Visual Exploration of Market Basket Analysis with JMP
Association rules are a popular data mining technique for exploring relationships in databases. These rules use a variety of algorithms and attempt to identify strong rules or associations among variables. One example is the classic market basket case, which finds that when bread and cheese are purchased, wine is more often purchased. Rules can also easily serve as supervised learning algorithms by directing that one element be a target variable of interest. JMP does not include association rule methods -- but does offer connectivity and flexibility, in addition to great interactive visualization tools. This presentation, by Matthew Flynn, PhD, Marketing Manager at Aetna, demonstrates that strength by connecting JMP to other software tools -- such as SAS® Enterprise Miner™, open-source R, Weka and (now with JMP 11) MATLAB -- to access association rules methods and enliven them by visually exploring the generated rule results in JMP. This presentation was recorded at Discovery Summit 2013 in San Antonio, Texas.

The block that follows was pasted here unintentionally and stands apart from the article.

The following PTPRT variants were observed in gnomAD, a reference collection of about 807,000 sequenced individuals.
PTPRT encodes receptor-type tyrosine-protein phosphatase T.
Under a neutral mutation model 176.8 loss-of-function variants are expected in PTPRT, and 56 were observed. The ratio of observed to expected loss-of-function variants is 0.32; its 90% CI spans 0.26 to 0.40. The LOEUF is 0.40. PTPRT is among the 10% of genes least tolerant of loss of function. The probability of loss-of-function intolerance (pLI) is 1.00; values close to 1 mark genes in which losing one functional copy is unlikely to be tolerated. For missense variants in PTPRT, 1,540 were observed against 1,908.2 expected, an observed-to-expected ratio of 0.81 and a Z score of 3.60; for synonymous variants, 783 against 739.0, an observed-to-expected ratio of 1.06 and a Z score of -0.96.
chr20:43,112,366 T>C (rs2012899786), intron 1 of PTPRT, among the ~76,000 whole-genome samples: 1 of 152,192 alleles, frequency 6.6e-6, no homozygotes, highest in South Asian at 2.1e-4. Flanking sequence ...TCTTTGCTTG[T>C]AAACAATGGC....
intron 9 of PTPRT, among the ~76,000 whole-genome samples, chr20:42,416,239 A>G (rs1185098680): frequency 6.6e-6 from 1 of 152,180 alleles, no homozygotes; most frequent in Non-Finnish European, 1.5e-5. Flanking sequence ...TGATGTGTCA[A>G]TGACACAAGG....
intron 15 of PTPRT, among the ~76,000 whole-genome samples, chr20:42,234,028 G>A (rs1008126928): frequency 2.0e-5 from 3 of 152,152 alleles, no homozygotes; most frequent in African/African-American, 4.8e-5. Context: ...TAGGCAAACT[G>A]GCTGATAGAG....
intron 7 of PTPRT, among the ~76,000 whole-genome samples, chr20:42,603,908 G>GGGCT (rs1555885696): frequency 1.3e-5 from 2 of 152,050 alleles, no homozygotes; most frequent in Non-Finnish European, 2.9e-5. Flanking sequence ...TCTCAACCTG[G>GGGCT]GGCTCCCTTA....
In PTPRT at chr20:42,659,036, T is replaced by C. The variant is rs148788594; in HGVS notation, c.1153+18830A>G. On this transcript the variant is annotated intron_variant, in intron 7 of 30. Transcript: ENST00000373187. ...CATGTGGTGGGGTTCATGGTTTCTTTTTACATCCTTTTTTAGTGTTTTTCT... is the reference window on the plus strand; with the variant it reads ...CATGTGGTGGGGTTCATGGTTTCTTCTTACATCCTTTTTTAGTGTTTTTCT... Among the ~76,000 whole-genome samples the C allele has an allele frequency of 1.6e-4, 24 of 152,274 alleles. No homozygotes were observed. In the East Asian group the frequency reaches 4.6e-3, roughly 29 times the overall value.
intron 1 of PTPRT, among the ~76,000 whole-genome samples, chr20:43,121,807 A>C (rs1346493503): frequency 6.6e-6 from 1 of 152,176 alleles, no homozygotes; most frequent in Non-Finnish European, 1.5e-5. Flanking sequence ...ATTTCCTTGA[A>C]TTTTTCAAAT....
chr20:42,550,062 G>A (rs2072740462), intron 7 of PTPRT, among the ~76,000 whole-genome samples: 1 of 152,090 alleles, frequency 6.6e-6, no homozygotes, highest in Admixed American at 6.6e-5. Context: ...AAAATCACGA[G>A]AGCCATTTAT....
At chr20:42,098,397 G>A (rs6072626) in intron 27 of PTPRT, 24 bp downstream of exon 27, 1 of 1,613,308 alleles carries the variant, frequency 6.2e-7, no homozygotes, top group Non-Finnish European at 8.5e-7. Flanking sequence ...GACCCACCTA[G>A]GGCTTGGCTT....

Views: 2665 JMPSoftwareFromSAS
Data Analysis for Social Scientists | MITx on edX | Course About Video